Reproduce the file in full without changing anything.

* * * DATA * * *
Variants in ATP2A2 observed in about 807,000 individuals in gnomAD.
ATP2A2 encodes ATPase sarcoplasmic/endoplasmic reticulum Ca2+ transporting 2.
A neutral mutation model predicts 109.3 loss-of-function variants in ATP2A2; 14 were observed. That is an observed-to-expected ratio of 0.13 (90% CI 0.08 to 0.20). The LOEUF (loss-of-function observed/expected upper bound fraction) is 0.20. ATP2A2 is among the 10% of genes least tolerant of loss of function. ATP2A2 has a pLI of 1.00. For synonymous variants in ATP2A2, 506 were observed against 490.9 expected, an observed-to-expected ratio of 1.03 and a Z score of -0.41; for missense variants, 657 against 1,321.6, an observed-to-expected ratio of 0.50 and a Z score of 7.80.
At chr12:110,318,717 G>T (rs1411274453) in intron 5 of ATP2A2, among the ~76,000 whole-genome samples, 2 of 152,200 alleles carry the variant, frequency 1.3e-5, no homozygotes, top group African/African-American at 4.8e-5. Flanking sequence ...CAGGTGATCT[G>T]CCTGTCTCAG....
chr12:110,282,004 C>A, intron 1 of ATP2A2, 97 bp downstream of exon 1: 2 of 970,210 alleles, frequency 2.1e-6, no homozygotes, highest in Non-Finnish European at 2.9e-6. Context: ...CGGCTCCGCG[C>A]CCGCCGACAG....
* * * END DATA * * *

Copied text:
Variants in ATP2A2 observed in about 807,000 individuals in gnomAD.
ATP2A2 encodes ATPase sarcoplasmic/endoplasmic reticulum Ca2+ transporting 2.
A neutral mutation model predicts 109.3 loss-of-function variants in ATP2A2; 14 were observed. That is an observed-to-expected ratio of 0.13 (90% CI 0.08 to 0.20). The LOEUF (loss-of-function observed/expected upper bound fraction) is 0.20. ATP2A2 is among the 10% of genes least tolerant of loss of function. ATP2A2 has a pLI of 1.00. For synonymous variants in ATP2A2, 506 were observed against 490.9 expected, an observed-to-expected ratio of 1.03 and a Z score of -0.41; for missense variants, 657 against 1,321.6, an observed-to-expected ratio of 0.50 and a Z score of 7.80.
At chr12:110,318,717 G>T (rs1411274453) in intron 5 of ATP2A2, among the ~76,000 whole-genome samples, 2 of 152,200 alleles carry the variant, frequency 1.3e-5, no homozygotes, top group African/African-American at 4.8e-5. Flanking sequence ...CAGGTGATCT[G>T]CCTGTCTCAG....
chr12:110,282,004 C>A, intron 1 of ATP2A2, 97 bp downstream of exon 1: 2 of 970,210 alleles, frequency 2.1e-6, no homozygotes, highest in Non-Finnish European at 2.9e-6. Context: ...CGGCTCCGCG[C>A]CCGCCGACAG....